Gold is heading north again this morning. As the dollar weakens and there is a flight to safe-haven “hard” assets, gold has broken through the USD 1,700/oz barrier and continues to rise. Last week precious metals ETFs saw major capital inflows with the
biggest – the SPDR Gold Trust – attracting $1.2 bn last week (and $3.7 of inflows over the last 4 weeks).
A lot of precious metal trading used to be on an unallocated basis, which means that you could trade ounces of gold just like dollars in a bank account but that if the bank that held your account went belly up you were just another unsecured creditor in
the queue. Now much more trading (such as the metal behind the physically-backed precious metal ETFs) is on an allocated basis ie you know which specific gold bar is yours in the vault. Running an allocated account comes at a higher cost but you don’t run
the credit risk. This is putting a greater emphasis on the ability to handle the physical aspects of the gold market for the key players.
I know a number of banks are looking to cash in on all of this interest in the gold market by providing precious metal products and services to their clients allowing them to access the gold “safe haven”, and I expect more to follow. The physical bullion
market (as with any physical commodity market) is not a place for the inexperienced, so expect a further uptick in demand for risk, operations and technology staff who know their assay from their elbow...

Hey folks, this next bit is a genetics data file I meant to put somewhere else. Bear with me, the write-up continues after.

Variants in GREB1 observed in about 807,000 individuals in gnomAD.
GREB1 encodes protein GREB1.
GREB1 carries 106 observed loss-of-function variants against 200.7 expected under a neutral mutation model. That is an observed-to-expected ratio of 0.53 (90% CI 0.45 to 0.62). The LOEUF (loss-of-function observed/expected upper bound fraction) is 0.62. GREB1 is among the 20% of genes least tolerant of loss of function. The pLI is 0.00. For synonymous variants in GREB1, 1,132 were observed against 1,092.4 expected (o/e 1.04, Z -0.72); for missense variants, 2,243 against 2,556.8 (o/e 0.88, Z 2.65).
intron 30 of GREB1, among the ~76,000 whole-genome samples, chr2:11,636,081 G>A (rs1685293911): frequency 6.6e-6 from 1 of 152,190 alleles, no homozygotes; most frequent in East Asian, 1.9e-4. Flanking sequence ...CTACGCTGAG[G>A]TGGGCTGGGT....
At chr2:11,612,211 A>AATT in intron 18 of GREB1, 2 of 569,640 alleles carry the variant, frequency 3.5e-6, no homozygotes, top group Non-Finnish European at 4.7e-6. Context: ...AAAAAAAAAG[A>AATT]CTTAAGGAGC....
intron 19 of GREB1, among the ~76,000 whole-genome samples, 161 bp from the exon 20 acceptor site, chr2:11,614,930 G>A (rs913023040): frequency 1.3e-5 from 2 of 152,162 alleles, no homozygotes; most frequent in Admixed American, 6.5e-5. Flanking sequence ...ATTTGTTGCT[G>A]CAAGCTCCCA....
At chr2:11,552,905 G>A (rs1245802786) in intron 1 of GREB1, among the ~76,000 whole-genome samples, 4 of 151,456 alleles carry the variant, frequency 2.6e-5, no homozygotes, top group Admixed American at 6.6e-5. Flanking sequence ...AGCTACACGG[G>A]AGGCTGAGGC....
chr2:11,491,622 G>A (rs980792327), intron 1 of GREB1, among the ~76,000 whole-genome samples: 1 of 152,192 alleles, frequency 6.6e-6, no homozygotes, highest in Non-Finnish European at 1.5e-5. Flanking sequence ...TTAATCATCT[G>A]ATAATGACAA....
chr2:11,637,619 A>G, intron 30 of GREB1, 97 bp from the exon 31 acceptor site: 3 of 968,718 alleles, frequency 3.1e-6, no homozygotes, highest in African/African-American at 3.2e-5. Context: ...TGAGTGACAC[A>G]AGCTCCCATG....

The pendulum swings again. I enjoyed working in the precious metals market during its last boom when the big foreign banks Credit Suisse, UBS, JP Morgan and Deutsche decided they wanted to play with the London pm clearers. Then they got bored with the whole
thing and most closed down their PM operations.
Well JP Morgan (along with HSBC) still dominate London PM clearing. UBS closed down commodities - apart from its PM clearing operation which is based in Zurich. Deutsche is still very much in the London PM clearing game.
Clearing of OTC gold through London is increasing - from Apr10 to Apr 11 (the last stats available from the LBMA) it has increased 81% from 18.3 to 33.1 million ounces. (OK LBMA OTC bullion is unallocated metal but gives an idea of the trends...)
When I came into the market it was still dominated by the London clearers NMRothschild, Mocatta, Samuel Montague, Sharps Pixley and Johnson Matthey. Credit Suisse and JPMC were the main ones to ruffle the old order and as credit ratings played a larger part
began to dominate the market. Most of the original houses were bought up by bigger names. Two of the biggest OTC players at the time were Drexel and FNBB.
© Finextra Research 2014